Finding long-lost family
A paternity test confirmed a family connection for this mother of 3.
What are the first words out of most people’s mouths when they see a new parent showing off their baby? ‘She’s got your nose!’ They’ll exclaim.

Some children, however, go through life never knowing just whose nose they’ve got. Children of single moms without known fathers, or adopted children, or children whose parentage is a family secret may never get to answer that question. Here’s how one woman was fortunate to find out the answer in her late 30s.

Raised by a loving stepdad

Karen was brought up by her mom and loving stepfather, with the knowledge that her biological father had mostly left her out of his life. After all, he was just a brief blip on her mother’s social radar, and they’d never had an actual relationship.

As a child, she was curious about him (who wouldn’t be?), but grew up having many questions unanswered, and with a nagging feeling of disappointment that he’d not taken an interest. Right up until a chance connection on Facebook changed all of that.

A woman contacted her saying she was apparently her cousin. Now, Karen had assumed that everyone knew about her bio-dad, so she got in touch with his two daughters on Facebook using the cousin’s list of friends.

You can imagine their surprise at being told, ‘I’m your sister’, when they couldn’t recall the few meetings they’d had as very young children, nearly 30 years ago. Karen was thrilled to finally track down her bio-dad’s children - her half-sisters - after so long.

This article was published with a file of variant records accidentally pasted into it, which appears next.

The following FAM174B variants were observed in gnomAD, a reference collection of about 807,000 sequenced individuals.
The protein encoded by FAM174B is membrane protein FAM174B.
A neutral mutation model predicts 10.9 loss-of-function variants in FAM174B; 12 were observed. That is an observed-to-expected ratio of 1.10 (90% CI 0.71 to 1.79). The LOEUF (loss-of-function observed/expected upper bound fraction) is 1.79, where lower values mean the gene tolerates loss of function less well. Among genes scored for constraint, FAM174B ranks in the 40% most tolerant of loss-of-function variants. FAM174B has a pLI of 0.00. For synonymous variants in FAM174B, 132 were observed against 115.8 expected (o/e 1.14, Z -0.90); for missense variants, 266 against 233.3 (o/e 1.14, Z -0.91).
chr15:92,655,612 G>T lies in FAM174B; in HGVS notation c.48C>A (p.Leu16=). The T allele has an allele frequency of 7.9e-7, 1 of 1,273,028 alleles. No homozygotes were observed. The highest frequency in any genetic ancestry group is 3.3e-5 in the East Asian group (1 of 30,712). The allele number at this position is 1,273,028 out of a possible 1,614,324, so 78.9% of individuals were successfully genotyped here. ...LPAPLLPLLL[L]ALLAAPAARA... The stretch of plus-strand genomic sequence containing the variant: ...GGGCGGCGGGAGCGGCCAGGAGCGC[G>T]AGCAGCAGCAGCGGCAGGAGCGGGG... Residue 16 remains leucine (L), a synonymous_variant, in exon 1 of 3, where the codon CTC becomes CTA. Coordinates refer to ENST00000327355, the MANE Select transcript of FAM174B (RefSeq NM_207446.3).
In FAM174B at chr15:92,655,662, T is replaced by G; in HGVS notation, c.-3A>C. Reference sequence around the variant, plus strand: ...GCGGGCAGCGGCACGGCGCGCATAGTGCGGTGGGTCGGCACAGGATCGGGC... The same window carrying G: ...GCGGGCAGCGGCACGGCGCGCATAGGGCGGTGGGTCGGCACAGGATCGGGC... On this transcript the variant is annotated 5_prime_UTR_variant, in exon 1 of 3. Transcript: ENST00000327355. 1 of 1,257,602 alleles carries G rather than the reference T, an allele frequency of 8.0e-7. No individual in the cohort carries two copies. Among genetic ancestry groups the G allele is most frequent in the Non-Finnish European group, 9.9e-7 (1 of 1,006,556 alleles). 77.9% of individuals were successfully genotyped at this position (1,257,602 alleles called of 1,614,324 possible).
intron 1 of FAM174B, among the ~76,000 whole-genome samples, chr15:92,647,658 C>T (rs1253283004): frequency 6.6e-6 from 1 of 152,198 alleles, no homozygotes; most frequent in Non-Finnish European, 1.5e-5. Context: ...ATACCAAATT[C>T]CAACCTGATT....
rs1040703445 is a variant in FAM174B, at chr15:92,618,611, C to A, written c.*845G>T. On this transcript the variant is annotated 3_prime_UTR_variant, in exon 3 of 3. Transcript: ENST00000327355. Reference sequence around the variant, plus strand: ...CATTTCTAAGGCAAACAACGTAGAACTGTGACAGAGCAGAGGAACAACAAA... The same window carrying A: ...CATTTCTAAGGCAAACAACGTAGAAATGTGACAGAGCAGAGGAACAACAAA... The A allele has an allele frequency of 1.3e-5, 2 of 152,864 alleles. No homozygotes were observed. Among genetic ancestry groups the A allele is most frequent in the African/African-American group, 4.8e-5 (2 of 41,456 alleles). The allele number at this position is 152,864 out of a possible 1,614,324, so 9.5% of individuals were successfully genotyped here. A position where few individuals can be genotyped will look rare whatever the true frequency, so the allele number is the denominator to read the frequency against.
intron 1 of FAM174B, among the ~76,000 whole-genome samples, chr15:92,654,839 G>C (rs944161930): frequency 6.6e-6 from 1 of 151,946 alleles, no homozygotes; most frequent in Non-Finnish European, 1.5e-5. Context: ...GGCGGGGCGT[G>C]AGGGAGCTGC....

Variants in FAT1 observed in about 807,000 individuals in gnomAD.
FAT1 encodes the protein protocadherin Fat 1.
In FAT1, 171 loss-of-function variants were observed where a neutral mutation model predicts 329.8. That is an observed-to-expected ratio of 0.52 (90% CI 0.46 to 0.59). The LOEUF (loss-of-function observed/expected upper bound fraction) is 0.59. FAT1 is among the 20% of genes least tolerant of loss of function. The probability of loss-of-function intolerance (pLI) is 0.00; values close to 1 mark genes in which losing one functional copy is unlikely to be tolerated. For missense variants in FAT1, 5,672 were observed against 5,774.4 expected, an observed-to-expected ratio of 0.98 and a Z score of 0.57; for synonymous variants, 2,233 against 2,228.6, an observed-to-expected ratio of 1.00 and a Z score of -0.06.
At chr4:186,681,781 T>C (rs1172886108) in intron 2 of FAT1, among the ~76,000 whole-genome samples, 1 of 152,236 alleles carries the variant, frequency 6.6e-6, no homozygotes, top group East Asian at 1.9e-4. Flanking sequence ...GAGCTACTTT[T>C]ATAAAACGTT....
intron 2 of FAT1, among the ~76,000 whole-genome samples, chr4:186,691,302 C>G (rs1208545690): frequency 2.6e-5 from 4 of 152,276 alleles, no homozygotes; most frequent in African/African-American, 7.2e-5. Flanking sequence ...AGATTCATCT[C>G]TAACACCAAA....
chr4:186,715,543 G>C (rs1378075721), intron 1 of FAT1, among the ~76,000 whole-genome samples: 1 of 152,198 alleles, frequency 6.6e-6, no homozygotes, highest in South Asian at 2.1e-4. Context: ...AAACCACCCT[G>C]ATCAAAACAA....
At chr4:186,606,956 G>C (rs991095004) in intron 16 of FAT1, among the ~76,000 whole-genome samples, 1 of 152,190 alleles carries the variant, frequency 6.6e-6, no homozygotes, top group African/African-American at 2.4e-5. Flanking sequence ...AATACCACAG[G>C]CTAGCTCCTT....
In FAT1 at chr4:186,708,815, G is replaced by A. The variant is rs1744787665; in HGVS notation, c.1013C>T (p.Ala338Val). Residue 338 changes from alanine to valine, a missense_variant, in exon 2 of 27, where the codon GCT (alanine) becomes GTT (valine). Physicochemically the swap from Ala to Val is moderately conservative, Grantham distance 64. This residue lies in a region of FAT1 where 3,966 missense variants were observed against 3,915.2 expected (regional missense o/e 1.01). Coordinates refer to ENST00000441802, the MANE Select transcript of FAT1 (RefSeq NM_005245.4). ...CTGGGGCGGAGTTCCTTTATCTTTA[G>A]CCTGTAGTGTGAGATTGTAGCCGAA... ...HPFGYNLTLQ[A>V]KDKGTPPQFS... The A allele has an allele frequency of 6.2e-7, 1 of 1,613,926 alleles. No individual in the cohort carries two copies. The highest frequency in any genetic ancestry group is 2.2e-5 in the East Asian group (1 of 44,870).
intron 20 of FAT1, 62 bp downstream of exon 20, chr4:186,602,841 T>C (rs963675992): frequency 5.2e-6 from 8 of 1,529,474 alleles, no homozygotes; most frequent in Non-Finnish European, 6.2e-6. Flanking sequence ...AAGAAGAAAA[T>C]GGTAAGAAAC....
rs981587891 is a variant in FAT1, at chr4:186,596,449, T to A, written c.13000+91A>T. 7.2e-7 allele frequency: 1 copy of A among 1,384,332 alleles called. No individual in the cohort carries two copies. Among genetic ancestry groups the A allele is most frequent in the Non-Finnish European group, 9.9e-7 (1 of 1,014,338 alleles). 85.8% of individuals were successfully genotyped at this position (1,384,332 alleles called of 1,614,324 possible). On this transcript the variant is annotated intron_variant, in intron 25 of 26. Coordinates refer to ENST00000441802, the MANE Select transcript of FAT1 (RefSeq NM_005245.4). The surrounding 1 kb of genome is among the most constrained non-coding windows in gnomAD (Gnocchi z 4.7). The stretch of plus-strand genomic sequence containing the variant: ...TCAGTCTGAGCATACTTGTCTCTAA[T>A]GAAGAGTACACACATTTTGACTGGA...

They were astounded, and the contact prompted them to have intense discussions with their father. Why had he never told them they had a sister?

DNA tests

Shortly afterwards, Karen biological father contacted her and explained: To him, there had always been a doubt- was he really her father? And, when she was younger, technology had presented only inconclusive proof. Now that DNA tests were available, Karen and her father were easily able to confirm what she had believed and he had suspected - he really was her biological father.

At the same time, Karen was able to ask him some difficult questions, voicing the hurt and rejection she’d felt at not knowing him. Too many years had passed for the hurt to remain, though, and there was an incredible reunion which helped to ease the pain. The sisters all met for coffee, each one sizing up the other - mentally comparing hair, noses, eyes and other features.

The challenge facing many single mothers and adoptive parents is this: When the time comes, how will they handle a child curious about his or her biological heritage? Will it threaten the status quo to find out? Will the child reject their lifelong guardians in favour of a stranger?

The hurt at having this information hidden has been known to divide families, but, ultimately, if your relationship your children you look after is strong and secure enough, chances are they’ll have an opportunity to explore their own identity, with your safety net. And, as in Karen’s case, maybe even make some ‘friends’ (who share some DNA).

In case you were wondering, Karen seems to have inherited her nose from her mother’s side of the family.

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